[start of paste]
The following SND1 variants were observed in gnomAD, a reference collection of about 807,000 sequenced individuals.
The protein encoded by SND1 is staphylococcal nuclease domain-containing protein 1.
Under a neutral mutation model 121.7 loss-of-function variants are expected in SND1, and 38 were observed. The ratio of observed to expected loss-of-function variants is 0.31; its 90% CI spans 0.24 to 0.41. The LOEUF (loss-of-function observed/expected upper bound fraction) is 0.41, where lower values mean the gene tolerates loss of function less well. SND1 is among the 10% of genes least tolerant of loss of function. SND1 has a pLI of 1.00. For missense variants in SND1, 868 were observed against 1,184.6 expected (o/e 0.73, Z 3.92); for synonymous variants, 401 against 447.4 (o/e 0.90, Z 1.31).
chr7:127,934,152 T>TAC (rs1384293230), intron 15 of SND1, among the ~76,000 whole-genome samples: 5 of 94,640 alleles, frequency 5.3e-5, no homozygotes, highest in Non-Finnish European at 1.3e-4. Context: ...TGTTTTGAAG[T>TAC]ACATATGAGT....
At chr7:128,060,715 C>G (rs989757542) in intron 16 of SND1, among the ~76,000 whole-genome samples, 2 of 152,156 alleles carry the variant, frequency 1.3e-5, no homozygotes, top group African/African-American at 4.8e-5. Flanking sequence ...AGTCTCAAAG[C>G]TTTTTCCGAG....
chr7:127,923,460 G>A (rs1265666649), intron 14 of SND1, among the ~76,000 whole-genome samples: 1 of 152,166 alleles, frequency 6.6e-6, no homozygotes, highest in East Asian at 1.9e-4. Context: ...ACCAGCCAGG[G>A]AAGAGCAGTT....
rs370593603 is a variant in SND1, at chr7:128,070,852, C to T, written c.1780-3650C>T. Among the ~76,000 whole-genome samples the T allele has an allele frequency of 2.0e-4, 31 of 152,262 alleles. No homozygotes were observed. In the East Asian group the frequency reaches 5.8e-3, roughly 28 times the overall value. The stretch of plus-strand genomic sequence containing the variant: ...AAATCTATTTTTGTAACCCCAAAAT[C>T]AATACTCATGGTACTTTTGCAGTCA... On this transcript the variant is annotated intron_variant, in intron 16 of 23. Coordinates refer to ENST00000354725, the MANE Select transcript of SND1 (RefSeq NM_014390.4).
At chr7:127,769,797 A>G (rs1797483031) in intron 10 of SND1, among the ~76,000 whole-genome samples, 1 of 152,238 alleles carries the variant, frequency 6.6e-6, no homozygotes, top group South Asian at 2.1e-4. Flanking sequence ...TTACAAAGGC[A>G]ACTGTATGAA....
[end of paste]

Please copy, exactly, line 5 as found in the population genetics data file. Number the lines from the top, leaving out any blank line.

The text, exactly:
At chr7:128,060,715 C>G (rs989757542) in intron 16 of SND1, among the ~76,000 whole-genome samples, 2 of 152,156 alleles carry the variant, frequency 1.3e-5, no homozygotes, top group African/African-American at 4.8e-5. Flanking sequence ...AGTCTCAAAG[C>G]TTTTTCCGAG....